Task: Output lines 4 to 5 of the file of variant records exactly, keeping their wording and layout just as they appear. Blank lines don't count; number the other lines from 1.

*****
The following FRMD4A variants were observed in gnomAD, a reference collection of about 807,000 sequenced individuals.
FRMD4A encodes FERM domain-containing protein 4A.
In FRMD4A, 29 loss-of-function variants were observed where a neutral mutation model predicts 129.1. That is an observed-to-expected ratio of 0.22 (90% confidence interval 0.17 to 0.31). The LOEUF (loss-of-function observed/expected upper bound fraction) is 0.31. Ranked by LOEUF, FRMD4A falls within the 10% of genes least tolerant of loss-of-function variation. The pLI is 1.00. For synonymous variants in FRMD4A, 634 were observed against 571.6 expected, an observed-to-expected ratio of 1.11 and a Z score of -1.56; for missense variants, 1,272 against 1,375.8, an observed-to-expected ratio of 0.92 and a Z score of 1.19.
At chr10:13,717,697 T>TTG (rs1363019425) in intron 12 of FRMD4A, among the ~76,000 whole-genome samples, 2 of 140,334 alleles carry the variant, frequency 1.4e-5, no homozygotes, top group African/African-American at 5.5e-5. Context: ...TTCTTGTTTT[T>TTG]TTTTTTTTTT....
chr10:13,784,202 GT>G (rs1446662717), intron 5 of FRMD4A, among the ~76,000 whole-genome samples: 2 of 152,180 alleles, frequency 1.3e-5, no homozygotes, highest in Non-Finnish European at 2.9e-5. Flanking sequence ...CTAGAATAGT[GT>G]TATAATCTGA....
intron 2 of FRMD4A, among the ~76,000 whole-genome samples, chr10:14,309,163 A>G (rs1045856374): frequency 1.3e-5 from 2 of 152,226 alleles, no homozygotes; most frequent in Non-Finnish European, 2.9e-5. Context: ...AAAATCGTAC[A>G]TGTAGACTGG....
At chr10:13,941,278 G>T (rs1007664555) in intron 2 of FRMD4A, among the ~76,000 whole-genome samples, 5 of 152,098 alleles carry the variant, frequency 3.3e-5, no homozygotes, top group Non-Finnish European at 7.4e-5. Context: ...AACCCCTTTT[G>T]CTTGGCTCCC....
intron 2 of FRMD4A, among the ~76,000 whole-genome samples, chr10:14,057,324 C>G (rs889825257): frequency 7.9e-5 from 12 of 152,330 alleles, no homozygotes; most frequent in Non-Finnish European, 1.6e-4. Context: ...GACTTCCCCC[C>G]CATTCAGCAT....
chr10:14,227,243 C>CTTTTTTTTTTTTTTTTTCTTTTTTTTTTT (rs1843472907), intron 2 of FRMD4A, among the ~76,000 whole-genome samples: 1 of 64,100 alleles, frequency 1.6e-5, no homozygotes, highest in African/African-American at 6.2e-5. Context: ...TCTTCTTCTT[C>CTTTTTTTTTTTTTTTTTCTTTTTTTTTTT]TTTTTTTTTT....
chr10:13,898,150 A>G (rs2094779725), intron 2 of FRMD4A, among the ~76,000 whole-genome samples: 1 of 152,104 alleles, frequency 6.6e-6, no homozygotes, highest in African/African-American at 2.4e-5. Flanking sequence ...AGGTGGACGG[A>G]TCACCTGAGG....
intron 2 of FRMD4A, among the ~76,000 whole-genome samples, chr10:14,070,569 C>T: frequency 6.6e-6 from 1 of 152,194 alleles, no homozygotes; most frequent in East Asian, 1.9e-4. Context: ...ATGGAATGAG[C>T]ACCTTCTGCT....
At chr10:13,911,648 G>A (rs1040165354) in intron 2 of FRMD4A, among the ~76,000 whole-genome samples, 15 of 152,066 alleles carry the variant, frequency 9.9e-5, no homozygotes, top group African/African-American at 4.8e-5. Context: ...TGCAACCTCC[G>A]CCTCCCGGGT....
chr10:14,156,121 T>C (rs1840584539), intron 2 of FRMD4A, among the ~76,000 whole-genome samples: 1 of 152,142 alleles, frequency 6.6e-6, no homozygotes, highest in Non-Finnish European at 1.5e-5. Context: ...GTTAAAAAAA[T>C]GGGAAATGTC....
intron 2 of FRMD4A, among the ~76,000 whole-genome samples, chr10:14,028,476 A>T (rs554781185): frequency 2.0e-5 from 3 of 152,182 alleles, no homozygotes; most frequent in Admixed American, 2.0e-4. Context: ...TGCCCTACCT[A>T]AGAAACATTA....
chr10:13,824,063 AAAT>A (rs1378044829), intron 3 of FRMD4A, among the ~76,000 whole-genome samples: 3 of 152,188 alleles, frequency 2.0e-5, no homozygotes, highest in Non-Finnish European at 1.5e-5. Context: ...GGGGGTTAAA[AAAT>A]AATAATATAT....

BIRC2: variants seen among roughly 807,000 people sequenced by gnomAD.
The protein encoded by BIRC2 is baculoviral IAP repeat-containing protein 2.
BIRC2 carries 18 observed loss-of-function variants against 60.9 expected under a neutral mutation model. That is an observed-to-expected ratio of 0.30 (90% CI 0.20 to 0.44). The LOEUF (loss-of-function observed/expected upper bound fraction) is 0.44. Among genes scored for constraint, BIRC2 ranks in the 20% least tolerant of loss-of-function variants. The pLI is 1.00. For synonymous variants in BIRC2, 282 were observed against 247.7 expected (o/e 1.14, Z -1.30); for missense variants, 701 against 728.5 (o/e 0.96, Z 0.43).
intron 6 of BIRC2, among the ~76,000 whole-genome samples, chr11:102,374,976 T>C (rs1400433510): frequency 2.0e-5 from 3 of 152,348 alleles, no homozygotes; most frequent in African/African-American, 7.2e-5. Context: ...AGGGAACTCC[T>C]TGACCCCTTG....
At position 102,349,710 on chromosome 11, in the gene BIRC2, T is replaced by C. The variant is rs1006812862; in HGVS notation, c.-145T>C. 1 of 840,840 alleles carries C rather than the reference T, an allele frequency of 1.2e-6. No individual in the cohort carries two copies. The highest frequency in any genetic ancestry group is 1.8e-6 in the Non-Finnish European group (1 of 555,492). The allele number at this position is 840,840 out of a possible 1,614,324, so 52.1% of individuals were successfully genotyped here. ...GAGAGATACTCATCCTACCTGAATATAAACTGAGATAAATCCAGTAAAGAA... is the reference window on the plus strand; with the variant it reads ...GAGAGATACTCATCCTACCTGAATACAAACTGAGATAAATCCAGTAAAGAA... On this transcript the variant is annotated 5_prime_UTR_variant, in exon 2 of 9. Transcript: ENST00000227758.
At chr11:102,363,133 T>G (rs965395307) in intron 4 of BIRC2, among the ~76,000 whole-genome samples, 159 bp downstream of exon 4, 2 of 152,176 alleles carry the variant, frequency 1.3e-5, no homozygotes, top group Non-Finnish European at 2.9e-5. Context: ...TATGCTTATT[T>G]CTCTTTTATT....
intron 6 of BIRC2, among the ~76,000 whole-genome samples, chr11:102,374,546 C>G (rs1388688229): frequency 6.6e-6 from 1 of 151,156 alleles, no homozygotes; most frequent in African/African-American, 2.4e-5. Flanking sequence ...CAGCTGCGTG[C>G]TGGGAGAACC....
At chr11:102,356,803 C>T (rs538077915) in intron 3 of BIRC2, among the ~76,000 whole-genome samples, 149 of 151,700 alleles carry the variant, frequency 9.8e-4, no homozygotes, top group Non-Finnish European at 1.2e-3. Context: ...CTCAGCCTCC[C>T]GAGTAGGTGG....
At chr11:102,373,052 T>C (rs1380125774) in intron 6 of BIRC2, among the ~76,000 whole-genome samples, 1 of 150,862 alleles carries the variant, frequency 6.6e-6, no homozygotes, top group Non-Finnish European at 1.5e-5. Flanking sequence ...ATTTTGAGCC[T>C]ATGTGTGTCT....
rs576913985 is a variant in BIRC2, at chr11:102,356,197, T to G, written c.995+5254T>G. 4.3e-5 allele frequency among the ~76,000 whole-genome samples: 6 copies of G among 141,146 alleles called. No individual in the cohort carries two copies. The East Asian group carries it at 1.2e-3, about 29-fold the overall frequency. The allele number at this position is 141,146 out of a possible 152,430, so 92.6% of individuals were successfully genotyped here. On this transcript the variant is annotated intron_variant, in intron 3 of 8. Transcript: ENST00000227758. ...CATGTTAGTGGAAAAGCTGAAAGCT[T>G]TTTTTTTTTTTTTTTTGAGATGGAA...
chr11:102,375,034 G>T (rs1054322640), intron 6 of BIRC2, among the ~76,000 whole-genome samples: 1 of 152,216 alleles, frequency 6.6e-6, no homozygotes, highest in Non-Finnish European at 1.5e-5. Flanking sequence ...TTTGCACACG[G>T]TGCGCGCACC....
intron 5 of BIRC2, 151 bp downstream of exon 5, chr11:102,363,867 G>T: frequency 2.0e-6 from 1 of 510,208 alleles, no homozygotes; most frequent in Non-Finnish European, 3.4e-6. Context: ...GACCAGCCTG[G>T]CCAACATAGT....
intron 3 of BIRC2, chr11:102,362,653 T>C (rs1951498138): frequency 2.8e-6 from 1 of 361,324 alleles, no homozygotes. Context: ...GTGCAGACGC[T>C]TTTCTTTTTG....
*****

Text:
At chr10:13,717,697 T>TTG (rs1363019425) in intron 12 of FRMD4A, among the ~76,000 whole-genome samples, 2 of 140,334 alleles carry the variant, frequency 1.4e-5, no homozygotes, top group African/African-American at 5.5e-5. Context: ...TTCTTGTTTT[T>TTG]TTTTTTTTTT....
chr10:13,784,202 GT>G (rs1446662717), intron 5 of FRMD4A, among the ~76,000 whole-genome samples: 2 of 152,180 alleles, frequency 1.3e-5, no homozygotes, highest in Non-Finnish European at 2.9e-5. Flanking sequence ...CTAGAATAGT[GT>G]TATAATCTGA....